The Saudi response was to launch a price war with Russia in early March that was only partially resolved on 12 April with the intercession of US president Donald Trump. All the while the glut of oil has grown and grown. Hence the ongoing collapse of prices. While lockdowns are being eased in some countries the time when the world was consuming 100 million barrels a day are gone for now with some analysts suggesting those days may be gone forever. Pre- Covid-19, most assumptions were that peak demand, the point at which the world’s appetite for oil begins its permanent decline, would hit around 2030.  That scenario dovetailed rather nicely with Mohammed Bin Salman’s Vision 2030. What if, however, peak demand has already arrived?

If such is the case, the breathing space that MBS could reasonably have expected in order to achieve his revolution has evaporated literally overnight. A crown prince and a kingdom that had sought to move in double quick time to liberate itself from oil dependency through economic diversification now has no time whatsoever.

What then for those sectors that he has with great determination opened, sectors which for decades had been denied by religious authorities? The non-religious tourism industry which launched with great fanfare celebrating, for example, the extraordinary natural beauty and ancient sites of Al Ula, has been halted in its tracks. The opening of entertainment venues to men and women similarly stilled. And religious tourism which has generated huge amounts of revenue for the government has been forced to the side lines by the coronavirus.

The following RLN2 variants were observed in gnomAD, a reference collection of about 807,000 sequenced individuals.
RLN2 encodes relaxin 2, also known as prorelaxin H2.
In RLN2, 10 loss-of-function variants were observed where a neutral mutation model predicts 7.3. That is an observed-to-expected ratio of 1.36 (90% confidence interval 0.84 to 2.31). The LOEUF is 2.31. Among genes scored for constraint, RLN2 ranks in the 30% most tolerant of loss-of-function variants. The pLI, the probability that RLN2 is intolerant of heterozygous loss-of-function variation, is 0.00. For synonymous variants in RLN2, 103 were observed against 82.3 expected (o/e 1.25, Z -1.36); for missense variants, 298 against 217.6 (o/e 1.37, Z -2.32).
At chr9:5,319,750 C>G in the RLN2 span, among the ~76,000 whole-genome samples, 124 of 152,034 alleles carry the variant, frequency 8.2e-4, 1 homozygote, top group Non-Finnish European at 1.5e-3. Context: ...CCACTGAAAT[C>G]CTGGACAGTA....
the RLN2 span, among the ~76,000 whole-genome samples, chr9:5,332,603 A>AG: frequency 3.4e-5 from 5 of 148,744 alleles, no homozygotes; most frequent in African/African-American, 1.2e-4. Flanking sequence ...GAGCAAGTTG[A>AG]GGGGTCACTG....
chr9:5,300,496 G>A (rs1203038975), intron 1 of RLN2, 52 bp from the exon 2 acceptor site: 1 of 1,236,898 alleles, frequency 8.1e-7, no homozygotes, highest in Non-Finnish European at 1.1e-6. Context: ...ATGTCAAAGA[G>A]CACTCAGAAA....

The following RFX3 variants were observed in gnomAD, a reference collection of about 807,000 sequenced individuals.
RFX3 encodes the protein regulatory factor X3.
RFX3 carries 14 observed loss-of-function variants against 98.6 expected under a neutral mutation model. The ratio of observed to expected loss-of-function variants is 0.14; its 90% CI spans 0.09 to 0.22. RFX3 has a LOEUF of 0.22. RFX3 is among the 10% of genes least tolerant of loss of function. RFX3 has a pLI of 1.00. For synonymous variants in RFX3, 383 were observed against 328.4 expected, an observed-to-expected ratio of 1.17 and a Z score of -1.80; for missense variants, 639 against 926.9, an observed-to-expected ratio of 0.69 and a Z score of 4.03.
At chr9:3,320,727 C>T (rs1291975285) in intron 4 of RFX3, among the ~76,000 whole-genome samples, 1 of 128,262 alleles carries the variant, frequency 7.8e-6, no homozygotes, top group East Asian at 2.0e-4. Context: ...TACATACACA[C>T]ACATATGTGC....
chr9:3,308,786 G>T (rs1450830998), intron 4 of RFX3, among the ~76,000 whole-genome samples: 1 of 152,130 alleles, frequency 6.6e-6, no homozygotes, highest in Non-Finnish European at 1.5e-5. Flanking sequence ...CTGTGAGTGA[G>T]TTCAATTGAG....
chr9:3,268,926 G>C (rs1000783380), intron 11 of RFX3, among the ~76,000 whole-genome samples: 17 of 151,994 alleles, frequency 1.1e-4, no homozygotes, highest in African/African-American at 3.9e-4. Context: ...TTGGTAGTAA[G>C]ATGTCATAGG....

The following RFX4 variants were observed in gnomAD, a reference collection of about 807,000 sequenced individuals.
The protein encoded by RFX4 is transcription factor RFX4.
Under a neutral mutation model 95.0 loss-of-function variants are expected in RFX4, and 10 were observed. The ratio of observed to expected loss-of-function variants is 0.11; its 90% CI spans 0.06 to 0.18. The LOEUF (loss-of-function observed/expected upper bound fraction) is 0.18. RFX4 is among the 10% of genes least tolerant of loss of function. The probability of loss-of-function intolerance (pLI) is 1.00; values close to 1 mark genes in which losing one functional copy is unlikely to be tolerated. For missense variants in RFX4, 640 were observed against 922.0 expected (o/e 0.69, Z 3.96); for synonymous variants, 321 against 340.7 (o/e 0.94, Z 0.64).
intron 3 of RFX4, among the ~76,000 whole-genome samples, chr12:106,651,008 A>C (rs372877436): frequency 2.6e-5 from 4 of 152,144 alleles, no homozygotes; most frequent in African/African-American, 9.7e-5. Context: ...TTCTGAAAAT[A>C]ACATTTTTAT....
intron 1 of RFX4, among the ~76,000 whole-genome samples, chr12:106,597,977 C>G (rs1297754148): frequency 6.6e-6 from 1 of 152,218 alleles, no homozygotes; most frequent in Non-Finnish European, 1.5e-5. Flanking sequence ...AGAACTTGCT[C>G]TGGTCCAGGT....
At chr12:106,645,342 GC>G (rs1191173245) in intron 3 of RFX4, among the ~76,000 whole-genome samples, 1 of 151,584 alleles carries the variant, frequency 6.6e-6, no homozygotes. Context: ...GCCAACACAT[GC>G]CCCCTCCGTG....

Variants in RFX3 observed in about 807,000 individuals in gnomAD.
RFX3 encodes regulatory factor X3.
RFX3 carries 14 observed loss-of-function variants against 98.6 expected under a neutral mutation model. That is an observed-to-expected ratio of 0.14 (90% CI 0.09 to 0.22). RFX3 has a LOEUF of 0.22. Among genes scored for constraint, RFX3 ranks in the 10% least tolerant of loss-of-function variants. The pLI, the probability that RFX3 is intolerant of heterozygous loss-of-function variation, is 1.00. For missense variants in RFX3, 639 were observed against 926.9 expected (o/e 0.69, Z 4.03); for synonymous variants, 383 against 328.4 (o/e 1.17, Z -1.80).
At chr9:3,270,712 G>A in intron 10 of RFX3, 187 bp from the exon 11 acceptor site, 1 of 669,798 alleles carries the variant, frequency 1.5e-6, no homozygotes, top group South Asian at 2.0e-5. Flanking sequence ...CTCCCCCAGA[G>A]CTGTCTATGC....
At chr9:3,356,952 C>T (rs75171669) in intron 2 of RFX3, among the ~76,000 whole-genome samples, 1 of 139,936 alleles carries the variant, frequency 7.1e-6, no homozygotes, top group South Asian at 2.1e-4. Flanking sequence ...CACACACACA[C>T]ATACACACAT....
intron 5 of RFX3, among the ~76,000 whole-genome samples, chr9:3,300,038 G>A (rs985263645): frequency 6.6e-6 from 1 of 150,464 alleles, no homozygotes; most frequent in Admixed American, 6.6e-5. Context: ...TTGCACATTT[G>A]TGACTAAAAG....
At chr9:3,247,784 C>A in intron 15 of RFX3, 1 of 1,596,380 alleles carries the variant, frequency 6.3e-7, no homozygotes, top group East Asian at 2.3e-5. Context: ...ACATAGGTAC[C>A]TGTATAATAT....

The millions of jobs that Vision 2030 promised for young Saudis in the private sector have for now at least simply gone away and finding them has suddenly become an overwhelmingly difficult task. As David Roberts, a Gulf specialist at King’s College London, noted yesterday in a Chatham House webinar “Saudi Arabia’s non-oil economy has gone into reverse for the first time in three decades.” And speaking at the same webinar Kristian Coates Ulrichsen, an associate fellow with Chatham House’s MENA programme argued that the three sectors most in need of foreign investment – hospitality, (non-religious) tourism and entertainment – are the ones that will be hit hardest and therefore least likely in the near term to generate such investment.